Lest We Forget - African American Military History by Researcher, 
				Author and Veteran Bennie McRae, Jr.

Correspondence from L. Thomas to Hon. E. M. Stanton, Secretary of War


Washington, D. C., November 7, 1864.

Secretary of War:

Sir: Under your special instructions of March 25, 1864, to proceed to the Mississippi River and organize colored troops, I have the honor to report the following thus far;

Iowa, near the Missouri line - One regiment of infantry
Arkansas- Six regiments of infantry
Tennessee- Two regiments of heavy artillery, one company of light artillery, and two regiments of infantry
Mississippi- One regiment of cavalry, two regiments of heavy artillery, and five regiments of infantry.
Louisiana- One regiments of cavalry, three companies of light artillery, and six regiments of infantry.
Alabama- Three regiments of infantry
Florida- One regiment of infantry
Kentucky - Two regiments of cavalry, two regiments of heavy artillery, and eleven regiments of infantry.


Four regiments of cavalry4,800
Six regiments of heavy artillery10,800
Four companies of light artillery 720
Forty regiments of infantry40,000
Total 56,320

All of the above regiments were organized on the maximum standard, and when entirely complete would give the above-specified number. That number was undoubtedly on the rolls, through some of the regiments may not have been entirely filled when ordered to the field as the loss by death and other casualties were in many cases made up by recruits. At the present time the aggregate is about 50,000.

In the above enumeration, I make no mention of other regiments organized in Tennessee, as they were raised under specific orders from the War Department addressed to others.

No organization were made in North Georgia, as the few negroes who came within our lines were assigned to regiments in Tennessee. In Louisiana, only one regiment was organized, because the infantry regiments raised in that State by General Banks were limited to 500 men each, and orders were subsequently given to raise them to 1,000 each. All the recruits, therefore, were necessary for this purpose.

In Kentucky the number on the rolls on the 15th of October was about 17,000, which number would be increased to 20,000 as other organizations had been authorized and were going forward. When this number is obtained, it is recommended that no further regiments be ordered, but that the subsequent recruits be assigned to those already in the service, to keep them up to the maximum standard.

More troops would have been put into the Army but for the processing demands of the several departments on the Mississippi and for laborers with the troops operating in the field. The number of blacks used in this way, including cooks and servants, must be very large. Most of the labor is done by this class of men, and the forts on the Mississippi River have been mainly thrown up by them. Where white and black troops come together in the same command the latter have to do the work. At first this was always the case, and in vain did I endeavor to correct it, contending that if they were to be made soldiers, time should be afforded for drill and discipline, and that they should only have their fare share of fatigue duty. The prejudice in the Army against the employment as troops was very great; but now, since the blacks have fully shown their fighting qualities and manliness, it has greatly changed.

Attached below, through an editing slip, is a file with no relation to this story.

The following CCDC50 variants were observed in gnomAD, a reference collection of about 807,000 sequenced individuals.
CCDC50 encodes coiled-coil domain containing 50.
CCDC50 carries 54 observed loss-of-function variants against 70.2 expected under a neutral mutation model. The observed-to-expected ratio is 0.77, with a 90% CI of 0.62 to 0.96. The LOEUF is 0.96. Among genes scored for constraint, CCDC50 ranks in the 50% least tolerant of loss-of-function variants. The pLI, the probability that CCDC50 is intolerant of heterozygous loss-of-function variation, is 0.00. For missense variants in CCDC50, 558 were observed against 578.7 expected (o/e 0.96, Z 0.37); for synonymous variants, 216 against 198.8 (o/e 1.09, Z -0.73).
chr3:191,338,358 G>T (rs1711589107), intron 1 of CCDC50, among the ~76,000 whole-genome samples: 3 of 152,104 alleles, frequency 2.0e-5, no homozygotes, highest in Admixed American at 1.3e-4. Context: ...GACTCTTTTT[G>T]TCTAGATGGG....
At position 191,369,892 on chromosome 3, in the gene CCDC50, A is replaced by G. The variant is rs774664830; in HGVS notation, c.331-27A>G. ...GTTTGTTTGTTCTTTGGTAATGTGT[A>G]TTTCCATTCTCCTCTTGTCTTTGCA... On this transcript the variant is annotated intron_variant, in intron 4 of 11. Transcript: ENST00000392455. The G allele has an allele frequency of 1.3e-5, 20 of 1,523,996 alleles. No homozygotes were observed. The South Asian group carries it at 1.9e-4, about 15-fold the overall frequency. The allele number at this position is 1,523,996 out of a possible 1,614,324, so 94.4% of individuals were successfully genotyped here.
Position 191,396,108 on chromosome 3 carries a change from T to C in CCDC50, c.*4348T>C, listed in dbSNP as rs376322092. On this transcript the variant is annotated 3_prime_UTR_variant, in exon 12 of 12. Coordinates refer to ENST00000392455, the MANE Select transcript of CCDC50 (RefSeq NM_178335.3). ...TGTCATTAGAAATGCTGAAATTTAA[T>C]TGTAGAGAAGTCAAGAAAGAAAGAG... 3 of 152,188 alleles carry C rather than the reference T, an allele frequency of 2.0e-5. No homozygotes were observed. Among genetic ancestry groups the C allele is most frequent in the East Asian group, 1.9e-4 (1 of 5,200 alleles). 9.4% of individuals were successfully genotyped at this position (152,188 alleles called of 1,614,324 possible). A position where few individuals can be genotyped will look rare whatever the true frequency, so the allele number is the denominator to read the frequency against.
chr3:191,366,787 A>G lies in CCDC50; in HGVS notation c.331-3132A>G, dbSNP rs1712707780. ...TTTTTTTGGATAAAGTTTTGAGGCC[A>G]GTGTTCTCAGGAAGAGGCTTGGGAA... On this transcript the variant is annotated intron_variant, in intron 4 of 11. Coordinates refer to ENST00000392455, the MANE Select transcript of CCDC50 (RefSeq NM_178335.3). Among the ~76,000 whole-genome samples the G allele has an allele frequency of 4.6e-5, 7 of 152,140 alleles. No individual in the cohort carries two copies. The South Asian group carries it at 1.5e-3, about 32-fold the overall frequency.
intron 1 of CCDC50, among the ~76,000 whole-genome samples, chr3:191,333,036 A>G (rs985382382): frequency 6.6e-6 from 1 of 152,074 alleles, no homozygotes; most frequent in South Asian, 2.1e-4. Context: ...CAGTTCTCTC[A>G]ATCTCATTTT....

All of the regiments have white officers, who are selected with care and are subject to an examination, and even a second one if deemed necessary. Great difficulty was experienced in the early part of the work in getting medical officers, but this has been remedied by sending a medical officer through the New England States, who induced a number of physicians to appear for examination and receive appointments.

The non-commissioned officers are generally appointed from white regiments, but as intelligent blacks are found they are made sergeants and corporals and ultimately they will fill all these positions. I have the honor to be, very respectfully, your obedient servant,


SOURCE: United States War Department. THE WAR OF THE REBELLION: A Compilation of the Official Records of the Union and Confederate Armies. Series III, Volume 5. Washington: Government Printing Office, 1880-1901.

Category: Civil War | Subcategory: Correspondence | Tags: Mississippi River , Mississippi , Tennessee , Georgia , Florida , Alabama , Louisiana , Washington , Kansas , Iowa , Missouri
Related Topics / Keywords / Phrases: 1864, 1880, 1901, Alabama, Arkansas, Army, Cavalry, Edwin M. Stanton, Florida, Georgia, Iowa, Kansas, Kentucky, Louisiana, Mississippi, Mississippi River, Missouri, Sergeant, Tennessee, The War of the Rebellion (Book), United States War Department, War Department, Washington (DC),